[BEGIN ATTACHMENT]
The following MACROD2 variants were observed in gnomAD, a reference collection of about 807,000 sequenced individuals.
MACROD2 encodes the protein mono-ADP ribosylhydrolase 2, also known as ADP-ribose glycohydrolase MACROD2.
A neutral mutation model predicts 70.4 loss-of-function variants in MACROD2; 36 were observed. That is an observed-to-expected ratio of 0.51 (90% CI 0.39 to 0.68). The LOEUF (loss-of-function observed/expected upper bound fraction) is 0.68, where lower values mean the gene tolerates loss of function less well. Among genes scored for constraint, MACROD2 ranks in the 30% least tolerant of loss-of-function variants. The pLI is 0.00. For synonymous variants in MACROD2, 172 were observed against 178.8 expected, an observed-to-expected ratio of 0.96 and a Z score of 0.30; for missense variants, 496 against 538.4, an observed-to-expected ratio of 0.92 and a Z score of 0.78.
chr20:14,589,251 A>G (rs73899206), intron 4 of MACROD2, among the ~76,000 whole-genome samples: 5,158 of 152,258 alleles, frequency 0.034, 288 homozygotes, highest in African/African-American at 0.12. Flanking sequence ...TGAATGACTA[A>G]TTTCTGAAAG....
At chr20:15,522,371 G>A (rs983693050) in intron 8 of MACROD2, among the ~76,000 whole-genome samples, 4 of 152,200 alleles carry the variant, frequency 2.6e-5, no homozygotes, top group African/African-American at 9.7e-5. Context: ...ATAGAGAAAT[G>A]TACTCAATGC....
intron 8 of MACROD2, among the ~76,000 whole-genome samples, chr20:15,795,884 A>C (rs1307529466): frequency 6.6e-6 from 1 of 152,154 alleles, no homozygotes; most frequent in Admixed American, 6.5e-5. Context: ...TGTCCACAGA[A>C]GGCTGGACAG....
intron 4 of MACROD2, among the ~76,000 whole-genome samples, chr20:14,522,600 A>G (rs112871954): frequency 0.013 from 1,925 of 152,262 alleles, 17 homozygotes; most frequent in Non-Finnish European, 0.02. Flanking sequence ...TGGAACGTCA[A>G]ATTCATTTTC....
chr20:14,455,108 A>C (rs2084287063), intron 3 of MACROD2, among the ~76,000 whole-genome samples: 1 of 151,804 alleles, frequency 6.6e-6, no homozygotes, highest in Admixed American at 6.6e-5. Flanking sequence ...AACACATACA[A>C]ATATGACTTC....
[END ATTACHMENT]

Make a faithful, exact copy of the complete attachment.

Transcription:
The following MACROD2 variants were observed in gnomAD, a reference collection of about 807,000 sequenced individuals.
MACROD2 encodes the protein mono-ADP ribosylhydrolase 2, also known as ADP-ribose glycohydrolase MACROD2.
A neutral mutation model predicts 70.4 loss-of-function variants in MACROD2; 36 were observed. That is an observed-to-expected ratio of 0.51 (90% CI 0.39 to 0.68). The LOEUF (loss-of-function observed/expected upper bound fraction) is 0.68, where lower values mean the gene tolerates loss of function less well. Among genes scored for constraint, MACROD2 ranks in the 30% least tolerant of loss-of-function variants. The pLI is 0.00. For synonymous variants in MACROD2, 172 were observed against 178.8 expected, an observed-to-expected ratio of 0.96 and a Z score of 0.30; for missense variants, 496 against 538.4, an observed-to-expected ratio of 0.92 and a Z score of 0.78.
chr20:14,589,251 A>G (rs73899206), intron 4 of MACROD2, among the ~76,000 whole-genome samples: 5,158 of 152,258 alleles, frequency 0.034, 288 homozygotes, highest in African/African-American at 0.12. Flanking sequence ...TGAATGACTA[A>G]TTTCTGAAAG....
At chr20:15,522,371 G>A (rs983693050) in intron 8 of MACROD2, among the ~76,000 whole-genome samples, 4 of 152,200 alleles carry the variant, frequency 2.6e-5, no homozygotes, top group African/African-American at 9.7e-5. Context: ...ATAGAGAAAT[G>A]TACTCAATGC....
intron 8 of MACROD2, among the ~76,000 whole-genome samples, chr20:15,795,884 A>C (rs1307529466): frequency 6.6e-6 from 1 of 152,154 alleles, no homozygotes; most frequent in Admixed American, 6.5e-5. Context: ...TGTCCACAGA[A>C]GGCTGGACAG....
intron 4 of MACROD2, among the ~76,000 whole-genome samples, chr20:14,522,600 A>G (rs112871954): frequency 0.013 from 1,925 of 152,262 alleles, 17 homozygotes; most frequent in Non-Finnish European, 0.02. Flanking sequence ...TGGAACGTCA[A>G]ATTCATTTTC....
chr20:14,455,108 A>C (rs2084287063), intron 3 of MACROD2, among the ~76,000 whole-genome samples: 1 of 151,804 alleles, frequency 6.6e-6, no homozygotes, highest in Admixed American at 6.6e-5. Flanking sequence ...AACACATACA[A>C]ATATGACTTC....